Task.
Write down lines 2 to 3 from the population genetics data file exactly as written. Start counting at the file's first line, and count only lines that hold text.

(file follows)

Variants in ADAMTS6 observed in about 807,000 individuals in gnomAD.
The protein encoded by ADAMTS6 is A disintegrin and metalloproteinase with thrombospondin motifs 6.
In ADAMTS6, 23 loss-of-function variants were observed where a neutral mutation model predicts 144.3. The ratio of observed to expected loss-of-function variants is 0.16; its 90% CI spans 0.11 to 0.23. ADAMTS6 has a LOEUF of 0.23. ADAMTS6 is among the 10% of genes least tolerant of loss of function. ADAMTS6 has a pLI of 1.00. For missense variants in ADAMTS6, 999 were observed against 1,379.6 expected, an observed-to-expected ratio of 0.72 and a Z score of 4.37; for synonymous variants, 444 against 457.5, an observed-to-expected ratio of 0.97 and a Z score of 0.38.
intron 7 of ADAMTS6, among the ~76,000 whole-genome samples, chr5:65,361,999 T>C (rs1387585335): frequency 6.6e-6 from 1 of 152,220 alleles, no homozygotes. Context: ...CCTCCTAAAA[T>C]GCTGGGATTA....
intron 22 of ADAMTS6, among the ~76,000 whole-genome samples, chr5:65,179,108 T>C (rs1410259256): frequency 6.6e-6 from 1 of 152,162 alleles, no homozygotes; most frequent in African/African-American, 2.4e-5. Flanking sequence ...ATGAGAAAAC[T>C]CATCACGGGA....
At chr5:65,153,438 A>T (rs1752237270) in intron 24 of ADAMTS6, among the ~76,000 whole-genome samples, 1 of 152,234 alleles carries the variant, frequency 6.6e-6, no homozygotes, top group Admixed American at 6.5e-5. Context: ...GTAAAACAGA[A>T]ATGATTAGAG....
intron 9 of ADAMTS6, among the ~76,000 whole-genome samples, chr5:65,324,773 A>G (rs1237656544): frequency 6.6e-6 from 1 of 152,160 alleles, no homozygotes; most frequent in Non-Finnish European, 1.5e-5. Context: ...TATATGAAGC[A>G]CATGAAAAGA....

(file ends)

The protein encoded by ADAMTS6 is A disintegrin and metalloproteinase with thrombospondin motifs 6.
In ADAMTS6, 23 loss-of-function variants were observed where a neutral mutation model predicts 144.3. The ratio of observed to expected loss-of-function variants is 0.16; its 90% CI spans 0.11 to 0.23. ADAMTS6 has a LOEUF of 0.23. ADAMTS6 is among the 10% of genes least tolerant of loss of function. ADAMTS6 has a pLI of 1.00. For missense variants in ADAMTS6, 999 were observed against 1,379.6 expected, an observed-to-expected ratio of 0.72 and a Z score of 4.37; for synonymous variants, 444 against 457.5, an observed-to-expected ratio of 0.97 and a Z score of 0.38.